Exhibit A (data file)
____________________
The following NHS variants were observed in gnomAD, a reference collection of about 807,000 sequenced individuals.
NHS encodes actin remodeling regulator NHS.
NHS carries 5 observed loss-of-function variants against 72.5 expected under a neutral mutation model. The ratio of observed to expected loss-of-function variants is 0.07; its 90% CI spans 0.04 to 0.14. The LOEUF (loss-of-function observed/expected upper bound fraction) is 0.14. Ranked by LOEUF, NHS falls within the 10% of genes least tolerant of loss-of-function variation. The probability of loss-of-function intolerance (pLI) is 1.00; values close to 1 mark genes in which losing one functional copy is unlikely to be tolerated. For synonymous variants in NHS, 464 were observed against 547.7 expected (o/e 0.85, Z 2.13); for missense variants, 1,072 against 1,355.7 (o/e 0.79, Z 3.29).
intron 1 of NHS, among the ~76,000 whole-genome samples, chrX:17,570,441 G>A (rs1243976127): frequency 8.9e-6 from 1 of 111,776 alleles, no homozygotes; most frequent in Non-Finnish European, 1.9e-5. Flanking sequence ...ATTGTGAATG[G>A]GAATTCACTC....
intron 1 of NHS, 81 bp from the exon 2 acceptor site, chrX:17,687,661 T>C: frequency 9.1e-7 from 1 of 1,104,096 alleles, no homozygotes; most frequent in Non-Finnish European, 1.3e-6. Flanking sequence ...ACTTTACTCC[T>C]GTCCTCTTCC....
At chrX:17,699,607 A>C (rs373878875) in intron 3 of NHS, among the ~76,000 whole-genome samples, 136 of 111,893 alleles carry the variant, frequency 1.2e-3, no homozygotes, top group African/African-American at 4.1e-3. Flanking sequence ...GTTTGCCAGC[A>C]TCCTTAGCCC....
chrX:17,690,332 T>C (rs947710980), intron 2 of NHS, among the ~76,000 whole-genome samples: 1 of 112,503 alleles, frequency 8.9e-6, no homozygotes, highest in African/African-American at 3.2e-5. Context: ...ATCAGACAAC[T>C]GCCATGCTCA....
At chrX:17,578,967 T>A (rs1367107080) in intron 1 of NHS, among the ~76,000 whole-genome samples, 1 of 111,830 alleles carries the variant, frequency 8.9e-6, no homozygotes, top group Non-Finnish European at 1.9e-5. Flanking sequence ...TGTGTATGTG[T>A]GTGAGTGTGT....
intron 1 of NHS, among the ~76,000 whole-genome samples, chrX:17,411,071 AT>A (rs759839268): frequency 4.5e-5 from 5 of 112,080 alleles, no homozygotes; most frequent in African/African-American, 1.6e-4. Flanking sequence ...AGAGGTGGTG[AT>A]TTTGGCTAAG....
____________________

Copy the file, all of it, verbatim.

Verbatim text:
The following NHS variants were observed in gnomAD, a reference collection of about 807,000 sequenced individuals.
NHS encodes actin remodeling regulator NHS.
NHS carries 5 observed loss-of-function variants against 72.5 expected under a neutral mutation model. The ratio of observed to expected loss-of-function variants is 0.07; its 90% CI spans 0.04 to 0.14. The LOEUF (loss-of-function observed/expected upper bound fraction) is 0.14. Ranked by LOEUF, NHS falls within the 10% of genes least tolerant of loss-of-function variation. The probability of loss-of-function intolerance (pLI) is 1.00; values close to 1 mark genes in which losing one functional copy is unlikely to be tolerated. For synonymous variants in NHS, 464 were observed against 547.7 expected (o/e 0.85, Z 2.13); for missense variants, 1,072 against 1,355.7 (o/e 0.79, Z 3.29).
intron 1 of NHS, among the ~76,000 whole-genome samples, chrX:17,570,441 G>A (rs1243976127): frequency 8.9e-6 from 1 of 111,776 alleles, no homozygotes; most frequent in Non-Finnish European, 1.9e-5. Flanking sequence ...ATTGTGAATG[G>A]GAATTCACTC....
intron 1 of NHS, 81 bp from the exon 2 acceptor site, chrX:17,687,661 T>C: frequency 9.1e-7 from 1 of 1,104,096 alleles, no homozygotes; most frequent in Non-Finnish European, 1.3e-6. Flanking sequence ...ACTTTACTCC[T>C]GTCCTCTTCC....
At chrX:17,699,607 A>C (rs373878875) in intron 3 of NHS, among the ~76,000 whole-genome samples, 136 of 111,893 alleles carry the variant, frequency 1.2e-3, no homozygotes, top group African/African-American at 4.1e-3. Flanking sequence ...GTTTGCCAGC[A>C]TCCTTAGCCC....
chrX:17,690,332 T>C (rs947710980), intron 2 of NHS, among the ~76,000 whole-genome samples: 1 of 112,503 alleles, frequency 8.9e-6, no homozygotes, highest in African/African-American at 3.2e-5. Context: ...ATCAGACAAC[T>C]GCCATGCTCA....
At chrX:17,578,967 T>A (rs1367107080) in intron 1 of NHS, among the ~76,000 whole-genome samples, 1 of 111,830 alleles carries the variant, frequency 8.9e-6, no homozygotes, top group Non-Finnish European at 1.9e-5. Flanking sequence ...TGTGTATGTG[T>A]GTGAGTGTGT....
intron 1 of NHS, among the ~76,000 whole-genome samples, chrX:17,411,071 AT>A (rs759839268): frequency 4.5e-5 from 5 of 112,080 alleles, no homozygotes; most frequent in African/African-American, 1.6e-4. Flanking sequence ...AGAGGTGGTG[AT>A]TTTGGCTAAG....